The Lêvy Oinochoe is a terracotta pot that was first produced around 650 BCE and later discovered in Rhodes, Greece in 1891 and purchased along with the rest of the Lêvy Collection for the Louvre in Paris, France. This collection of early Greek art is an example of Oriental influence over early Greek society during the "Orientalizing Period" (c.710-c.600 BCE).
This object and many others that are similar to it are in the Lêvy Collection at the Louvre in Paris and can be viewed by the public on a daily basis. The objects in this collection depict the high influence that Asian and Egyptian cultures had on the cultures of early Greece. This oinochoe is meant for pouring and storing wine for Greek families during symposions, or drinking parties [See Neer 2012, 104]. The Lêvy Oinochoe has intricate designs of wild goats and mythical creatures, as well as Oriental designs such as lotus blossoms and palmettes.
The Lêvy Oinochoe was most likely produced in Miletus, although a definite location of production is unknown because of the many different islands in the Aegean that produced oinochoes during the Orinetalizing Period. According to Alan M. Greaves of the University of Liverpool, "Ionian vase-painters did not sign their work as mainland artists sometimes did [See Greaves 2010, 209].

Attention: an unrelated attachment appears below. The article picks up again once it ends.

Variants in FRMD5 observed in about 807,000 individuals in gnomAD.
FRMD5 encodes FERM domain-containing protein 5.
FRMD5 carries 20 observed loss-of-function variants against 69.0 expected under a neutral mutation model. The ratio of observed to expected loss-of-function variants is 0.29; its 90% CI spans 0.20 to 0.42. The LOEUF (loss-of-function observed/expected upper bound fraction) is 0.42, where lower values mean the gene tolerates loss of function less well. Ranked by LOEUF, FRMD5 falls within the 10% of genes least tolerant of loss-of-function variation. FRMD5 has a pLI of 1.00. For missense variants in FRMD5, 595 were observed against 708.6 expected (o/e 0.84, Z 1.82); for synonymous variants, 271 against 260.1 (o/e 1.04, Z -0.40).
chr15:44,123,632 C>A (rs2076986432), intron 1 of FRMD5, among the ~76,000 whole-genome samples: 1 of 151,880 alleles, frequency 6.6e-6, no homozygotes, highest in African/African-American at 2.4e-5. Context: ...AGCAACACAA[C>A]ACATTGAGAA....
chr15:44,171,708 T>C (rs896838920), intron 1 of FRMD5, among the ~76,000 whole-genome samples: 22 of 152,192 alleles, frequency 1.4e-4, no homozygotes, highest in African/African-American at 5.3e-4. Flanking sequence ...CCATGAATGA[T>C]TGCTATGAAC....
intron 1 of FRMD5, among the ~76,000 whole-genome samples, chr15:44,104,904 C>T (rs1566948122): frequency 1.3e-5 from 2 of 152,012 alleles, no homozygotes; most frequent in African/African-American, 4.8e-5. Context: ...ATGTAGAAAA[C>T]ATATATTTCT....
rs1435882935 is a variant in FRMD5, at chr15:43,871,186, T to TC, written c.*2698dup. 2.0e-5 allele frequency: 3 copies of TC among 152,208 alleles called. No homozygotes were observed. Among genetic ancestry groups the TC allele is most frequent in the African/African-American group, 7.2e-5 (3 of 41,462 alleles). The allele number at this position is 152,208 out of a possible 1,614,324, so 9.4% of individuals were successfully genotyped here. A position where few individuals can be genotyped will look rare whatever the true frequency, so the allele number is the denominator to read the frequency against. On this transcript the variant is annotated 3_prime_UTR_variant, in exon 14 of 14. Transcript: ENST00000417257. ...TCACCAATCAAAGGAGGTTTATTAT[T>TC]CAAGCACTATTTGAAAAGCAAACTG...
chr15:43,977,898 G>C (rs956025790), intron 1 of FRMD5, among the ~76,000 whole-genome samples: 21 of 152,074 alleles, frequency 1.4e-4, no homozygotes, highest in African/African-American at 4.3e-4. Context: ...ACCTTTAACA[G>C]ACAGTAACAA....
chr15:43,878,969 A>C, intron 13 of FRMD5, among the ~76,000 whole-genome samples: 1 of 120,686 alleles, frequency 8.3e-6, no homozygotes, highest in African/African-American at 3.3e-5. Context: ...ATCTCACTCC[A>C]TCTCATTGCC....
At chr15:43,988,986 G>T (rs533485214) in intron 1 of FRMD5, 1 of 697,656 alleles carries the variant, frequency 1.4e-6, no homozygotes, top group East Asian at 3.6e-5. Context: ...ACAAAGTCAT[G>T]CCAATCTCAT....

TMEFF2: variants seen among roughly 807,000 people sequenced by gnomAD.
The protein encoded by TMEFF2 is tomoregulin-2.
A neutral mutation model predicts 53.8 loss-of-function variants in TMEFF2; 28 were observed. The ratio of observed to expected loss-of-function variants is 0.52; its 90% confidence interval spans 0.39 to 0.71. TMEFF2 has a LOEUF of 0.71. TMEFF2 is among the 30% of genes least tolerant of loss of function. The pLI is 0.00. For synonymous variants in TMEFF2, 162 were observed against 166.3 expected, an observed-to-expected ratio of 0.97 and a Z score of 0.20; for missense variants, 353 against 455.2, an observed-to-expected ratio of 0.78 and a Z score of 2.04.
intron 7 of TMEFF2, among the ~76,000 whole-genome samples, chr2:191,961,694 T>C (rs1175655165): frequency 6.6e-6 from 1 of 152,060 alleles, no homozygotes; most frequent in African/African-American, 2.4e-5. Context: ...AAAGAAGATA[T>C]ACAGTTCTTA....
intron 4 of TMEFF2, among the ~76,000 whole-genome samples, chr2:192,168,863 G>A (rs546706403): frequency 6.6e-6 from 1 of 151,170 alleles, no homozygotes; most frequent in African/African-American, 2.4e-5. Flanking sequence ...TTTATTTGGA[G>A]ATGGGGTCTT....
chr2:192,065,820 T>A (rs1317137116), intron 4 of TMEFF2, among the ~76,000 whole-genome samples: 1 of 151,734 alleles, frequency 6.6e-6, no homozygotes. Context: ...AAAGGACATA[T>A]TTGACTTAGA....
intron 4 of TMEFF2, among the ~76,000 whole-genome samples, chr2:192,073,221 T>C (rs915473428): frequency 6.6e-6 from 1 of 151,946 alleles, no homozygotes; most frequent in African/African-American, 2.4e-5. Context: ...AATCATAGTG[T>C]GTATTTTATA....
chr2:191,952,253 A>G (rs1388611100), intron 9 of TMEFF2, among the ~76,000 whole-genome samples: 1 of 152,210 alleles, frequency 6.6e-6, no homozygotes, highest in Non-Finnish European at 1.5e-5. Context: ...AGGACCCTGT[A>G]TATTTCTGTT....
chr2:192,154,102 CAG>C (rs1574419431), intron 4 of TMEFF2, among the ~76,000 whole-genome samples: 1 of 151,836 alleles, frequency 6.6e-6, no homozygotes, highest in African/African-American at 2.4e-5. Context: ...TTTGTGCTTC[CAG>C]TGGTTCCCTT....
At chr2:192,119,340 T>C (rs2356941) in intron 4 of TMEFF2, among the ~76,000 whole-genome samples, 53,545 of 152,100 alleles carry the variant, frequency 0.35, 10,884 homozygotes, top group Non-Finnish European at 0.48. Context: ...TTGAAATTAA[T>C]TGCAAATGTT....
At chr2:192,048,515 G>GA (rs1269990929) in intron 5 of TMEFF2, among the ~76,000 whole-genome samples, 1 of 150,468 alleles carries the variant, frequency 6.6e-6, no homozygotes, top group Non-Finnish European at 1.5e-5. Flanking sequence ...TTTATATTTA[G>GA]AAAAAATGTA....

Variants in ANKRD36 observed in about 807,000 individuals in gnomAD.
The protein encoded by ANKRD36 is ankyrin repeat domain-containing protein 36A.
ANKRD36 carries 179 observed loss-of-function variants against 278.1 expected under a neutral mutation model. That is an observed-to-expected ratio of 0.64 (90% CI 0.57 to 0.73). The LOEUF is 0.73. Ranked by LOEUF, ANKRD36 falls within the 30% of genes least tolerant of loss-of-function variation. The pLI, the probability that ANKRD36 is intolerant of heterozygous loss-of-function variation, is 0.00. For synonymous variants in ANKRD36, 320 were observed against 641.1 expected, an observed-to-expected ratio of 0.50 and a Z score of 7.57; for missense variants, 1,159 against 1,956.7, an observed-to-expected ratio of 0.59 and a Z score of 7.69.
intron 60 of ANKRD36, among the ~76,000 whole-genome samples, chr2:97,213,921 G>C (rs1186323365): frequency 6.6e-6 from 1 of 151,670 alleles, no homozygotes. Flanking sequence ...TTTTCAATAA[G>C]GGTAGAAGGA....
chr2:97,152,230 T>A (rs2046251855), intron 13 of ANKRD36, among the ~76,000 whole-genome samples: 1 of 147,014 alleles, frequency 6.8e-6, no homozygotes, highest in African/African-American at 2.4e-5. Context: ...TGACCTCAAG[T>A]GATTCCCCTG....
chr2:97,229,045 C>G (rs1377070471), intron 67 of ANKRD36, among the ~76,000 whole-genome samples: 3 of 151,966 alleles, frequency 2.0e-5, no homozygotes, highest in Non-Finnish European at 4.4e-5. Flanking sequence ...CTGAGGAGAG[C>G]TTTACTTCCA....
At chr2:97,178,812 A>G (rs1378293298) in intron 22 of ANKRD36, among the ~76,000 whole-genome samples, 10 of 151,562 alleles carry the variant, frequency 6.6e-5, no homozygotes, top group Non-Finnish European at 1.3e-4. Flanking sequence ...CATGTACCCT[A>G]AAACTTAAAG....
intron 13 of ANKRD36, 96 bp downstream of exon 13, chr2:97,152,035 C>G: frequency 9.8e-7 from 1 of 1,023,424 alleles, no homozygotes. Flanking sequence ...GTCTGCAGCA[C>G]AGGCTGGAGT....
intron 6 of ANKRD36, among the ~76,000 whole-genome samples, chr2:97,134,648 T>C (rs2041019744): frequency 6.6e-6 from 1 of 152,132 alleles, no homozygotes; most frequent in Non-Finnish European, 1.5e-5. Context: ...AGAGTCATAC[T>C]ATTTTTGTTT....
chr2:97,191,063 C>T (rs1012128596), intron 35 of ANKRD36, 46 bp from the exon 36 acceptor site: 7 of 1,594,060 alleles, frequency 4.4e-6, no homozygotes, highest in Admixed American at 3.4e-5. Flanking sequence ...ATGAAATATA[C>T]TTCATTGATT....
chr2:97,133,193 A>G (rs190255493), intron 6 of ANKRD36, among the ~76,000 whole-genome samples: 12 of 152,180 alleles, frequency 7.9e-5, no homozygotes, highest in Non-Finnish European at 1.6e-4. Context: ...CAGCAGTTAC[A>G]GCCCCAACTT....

The Lêvy Oinochoe is made from terracotta , which is a fired clay or ceramic that is glazed over to become waterproof and generally takes on a dull orange or brown color. The Lêvy Oinochoe is an ivory color that was most likely dulled over the more than two and a half millenia that it has been present. The oinochoe has an ivory colored base and is intricately decorated with drawings of wild goats and mythical creatures such as sphinxes and gryphons. The oinochoe was painted with variations of red lead paint and white lead paint that the Greeks contributed to the world of art.
The pictures depicted on the oinochoe are seperated by line sections that divide the pottery into different scenes. The neck of the oinochoe is coated with classic Greek patterns that have oriental plant motifs wrap around the oinochoe. The second section of the oinochoe has mythical creatures and animals painted on it such as gryphons and sphinxes, along with regular animals like peacocks and spotted deer[See Greaves 2010, 212]. From the second section onwards to the bottom, the artist drew wild male goats. This form of drawing on the oinochoe is known as "Rhodian" style because of the vast number of pottery similar to this one that were found on the Greek island of Rhodes [See Greaves 2010, 211]. These Wild Goat pots and vases were not just decorated with goats, but also depicted many other animal scenes [See Pedley 1992, 129]. Goats were used the most in this form but animals that were also used were: dogs, lions, sphinxes, griffins, hares, boars, rams and foxes [See Greaves 2010, 212].
Local Historical ContextEdit
The Ionian Culture produced the Lêvy Oinochoe c.650 BCE. Lydia turned to invade Ionia in 612 BCE, but the Lydian kings treated the Ionian cities very well, which caused their culture to live on unharmed until 546 BCE when the Persian king Cyrus II conquered Ionia. Ionia was not ever one unified state, but instead twelve major cities that were in Anatolia and Asia Minor.